Software subscriptions and maintenance proved to be the saviour of the supply chain management software market last year, according to research by Gartner.
New licence revenue was down 7.4 per cent in 2009, but recurring revenue associated with subscriptions and maintenance growing 10.8 per cent and 0.2 per cent, respectively.
As a result, in the face of the recession, total worldwide revenues fell a mere 0.7 per cent to £4.26 billion ($6.2bn).
Chad Eschinger, research director at Gartner, said: “Although the first nine months of 2009 contracted, the fourth quarter sustained six per cent annual growth, driven by some pent-up demand, but more so from growth in subscriptions and the many maintenance renewals that were due in the fourth quarter.”
Table: Worldwide SCM vendor software revenue ($m)
|Vendor||2009 Sales||2009 Share %||2008 Sales||2008 Share %||2008-2009 Growth %|
The economic climate of the past few years and the maturity and saturation of implemented business applications has proven difficult. This stressed environment has forced many vendors to increase maintenance rates and explore various channel, delivery and pricing options,” said Eschinger.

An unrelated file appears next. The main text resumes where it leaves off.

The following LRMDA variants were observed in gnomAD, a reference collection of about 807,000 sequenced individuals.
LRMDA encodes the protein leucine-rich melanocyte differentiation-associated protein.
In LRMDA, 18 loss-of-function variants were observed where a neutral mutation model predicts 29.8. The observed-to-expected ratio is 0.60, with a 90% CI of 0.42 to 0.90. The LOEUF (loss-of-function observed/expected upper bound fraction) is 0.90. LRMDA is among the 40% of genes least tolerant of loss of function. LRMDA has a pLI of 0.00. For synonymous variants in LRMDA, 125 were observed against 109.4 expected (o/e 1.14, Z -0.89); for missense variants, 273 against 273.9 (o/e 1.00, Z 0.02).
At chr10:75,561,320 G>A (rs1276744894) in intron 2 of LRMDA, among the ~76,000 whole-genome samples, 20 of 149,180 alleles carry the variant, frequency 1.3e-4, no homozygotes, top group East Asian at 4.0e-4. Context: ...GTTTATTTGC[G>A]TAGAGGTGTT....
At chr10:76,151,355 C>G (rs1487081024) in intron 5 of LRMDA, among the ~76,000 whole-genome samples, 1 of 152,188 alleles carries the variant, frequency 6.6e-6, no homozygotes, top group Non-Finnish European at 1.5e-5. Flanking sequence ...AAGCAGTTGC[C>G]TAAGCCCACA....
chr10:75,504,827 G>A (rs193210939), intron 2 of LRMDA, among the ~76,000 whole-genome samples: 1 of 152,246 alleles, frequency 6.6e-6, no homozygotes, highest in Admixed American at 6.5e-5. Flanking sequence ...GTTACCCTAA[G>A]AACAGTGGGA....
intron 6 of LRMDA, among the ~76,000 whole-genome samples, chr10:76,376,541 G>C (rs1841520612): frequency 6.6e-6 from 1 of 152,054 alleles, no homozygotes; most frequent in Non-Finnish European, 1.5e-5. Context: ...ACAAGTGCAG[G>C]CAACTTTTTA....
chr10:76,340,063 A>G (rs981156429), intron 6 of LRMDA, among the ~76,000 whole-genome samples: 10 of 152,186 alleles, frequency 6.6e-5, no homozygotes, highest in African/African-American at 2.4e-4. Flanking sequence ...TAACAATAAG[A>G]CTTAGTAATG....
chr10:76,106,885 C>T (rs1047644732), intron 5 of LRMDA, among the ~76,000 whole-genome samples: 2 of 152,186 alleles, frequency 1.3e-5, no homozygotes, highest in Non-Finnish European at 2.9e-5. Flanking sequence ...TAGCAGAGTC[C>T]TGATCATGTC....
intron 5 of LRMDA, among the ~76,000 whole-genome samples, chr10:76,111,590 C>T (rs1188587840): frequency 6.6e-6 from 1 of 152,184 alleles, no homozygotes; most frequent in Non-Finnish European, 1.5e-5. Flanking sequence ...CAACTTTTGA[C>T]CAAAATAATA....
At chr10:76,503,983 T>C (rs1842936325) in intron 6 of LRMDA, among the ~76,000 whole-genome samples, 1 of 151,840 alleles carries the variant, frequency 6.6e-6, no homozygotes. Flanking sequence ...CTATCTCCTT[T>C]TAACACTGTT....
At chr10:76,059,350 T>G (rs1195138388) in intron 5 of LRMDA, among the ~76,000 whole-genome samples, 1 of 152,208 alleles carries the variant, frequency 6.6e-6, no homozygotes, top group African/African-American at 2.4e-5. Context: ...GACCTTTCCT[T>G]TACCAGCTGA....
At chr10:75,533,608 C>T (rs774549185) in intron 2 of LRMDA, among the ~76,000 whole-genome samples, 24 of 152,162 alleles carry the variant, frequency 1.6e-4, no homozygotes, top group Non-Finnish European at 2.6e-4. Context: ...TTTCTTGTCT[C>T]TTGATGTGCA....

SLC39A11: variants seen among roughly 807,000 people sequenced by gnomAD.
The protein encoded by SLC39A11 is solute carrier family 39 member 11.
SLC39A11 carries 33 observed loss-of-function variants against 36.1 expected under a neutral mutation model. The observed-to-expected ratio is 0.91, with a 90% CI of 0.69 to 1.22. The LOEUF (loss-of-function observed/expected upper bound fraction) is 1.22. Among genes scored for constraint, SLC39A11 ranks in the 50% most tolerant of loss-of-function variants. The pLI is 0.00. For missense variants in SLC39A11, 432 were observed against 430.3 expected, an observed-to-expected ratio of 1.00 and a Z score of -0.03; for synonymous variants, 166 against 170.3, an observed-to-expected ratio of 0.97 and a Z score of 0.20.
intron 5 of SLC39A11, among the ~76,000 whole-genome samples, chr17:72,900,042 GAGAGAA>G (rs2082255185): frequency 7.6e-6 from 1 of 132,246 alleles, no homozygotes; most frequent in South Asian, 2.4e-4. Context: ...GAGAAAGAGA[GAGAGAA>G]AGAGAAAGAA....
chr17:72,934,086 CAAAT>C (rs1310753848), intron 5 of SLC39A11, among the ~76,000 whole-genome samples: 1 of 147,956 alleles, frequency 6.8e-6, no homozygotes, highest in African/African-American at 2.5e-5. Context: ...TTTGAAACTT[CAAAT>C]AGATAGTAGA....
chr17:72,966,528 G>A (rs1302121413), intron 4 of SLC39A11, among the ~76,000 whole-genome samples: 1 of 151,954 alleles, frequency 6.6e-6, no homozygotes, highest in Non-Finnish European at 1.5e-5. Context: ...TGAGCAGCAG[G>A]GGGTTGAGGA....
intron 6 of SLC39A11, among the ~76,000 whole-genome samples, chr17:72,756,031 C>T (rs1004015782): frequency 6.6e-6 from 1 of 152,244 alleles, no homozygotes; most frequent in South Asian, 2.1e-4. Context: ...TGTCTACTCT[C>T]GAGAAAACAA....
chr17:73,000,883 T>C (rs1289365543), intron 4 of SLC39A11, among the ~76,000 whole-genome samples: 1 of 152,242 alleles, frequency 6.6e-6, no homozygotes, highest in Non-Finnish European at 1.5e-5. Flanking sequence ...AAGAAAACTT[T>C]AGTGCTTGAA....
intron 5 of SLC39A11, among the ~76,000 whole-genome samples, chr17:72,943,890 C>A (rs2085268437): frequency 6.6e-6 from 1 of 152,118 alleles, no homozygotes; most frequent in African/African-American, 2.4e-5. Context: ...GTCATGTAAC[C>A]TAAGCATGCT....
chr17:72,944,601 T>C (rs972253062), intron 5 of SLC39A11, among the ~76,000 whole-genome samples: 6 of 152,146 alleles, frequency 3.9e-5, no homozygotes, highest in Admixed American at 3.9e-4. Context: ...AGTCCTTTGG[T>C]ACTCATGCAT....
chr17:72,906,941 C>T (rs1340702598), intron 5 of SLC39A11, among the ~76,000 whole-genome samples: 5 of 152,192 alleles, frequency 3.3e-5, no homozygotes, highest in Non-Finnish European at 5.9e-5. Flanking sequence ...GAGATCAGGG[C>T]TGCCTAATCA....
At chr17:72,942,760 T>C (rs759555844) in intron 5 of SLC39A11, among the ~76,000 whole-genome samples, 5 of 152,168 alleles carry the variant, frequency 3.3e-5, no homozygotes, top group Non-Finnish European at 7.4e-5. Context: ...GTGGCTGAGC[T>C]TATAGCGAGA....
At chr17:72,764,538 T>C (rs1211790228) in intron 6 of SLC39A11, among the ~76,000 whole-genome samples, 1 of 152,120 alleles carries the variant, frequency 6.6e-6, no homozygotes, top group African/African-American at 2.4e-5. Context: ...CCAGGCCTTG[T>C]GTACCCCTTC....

“Competition between enterprise suite and specialist, best-of-breed vendors has heightened. Although suite vendors are typically well-positioned within organisations to stall emerging-application purchases, there are significant opportunities for specialised vendors that offer differentiating domain and vertical solutions that are ‘blind spots’ in a suite provider’s offering.”
The specialised segment of SCM software revenue totalled £2.4bn ($3.5bn) in 2009, a 1.6 per cent increase from 2008. The suites segment of SCM software revenue totalled £1.86bn ($2.7bn) in 2009, a 3.7 per cent decline from 2008.
“Given the market’s vendor fragmentation and the continued expansion of suite vendors, we expect market consolidation and share in the SCM market to eventually mimic that of the enterprise resource planning market,” said Eschinger.
“However, unlike the ERP market, we expect the process to take longer, with less ‘lock-out’ and more activity with new entrants, given the breadth of needs across supply chains and functional domains.”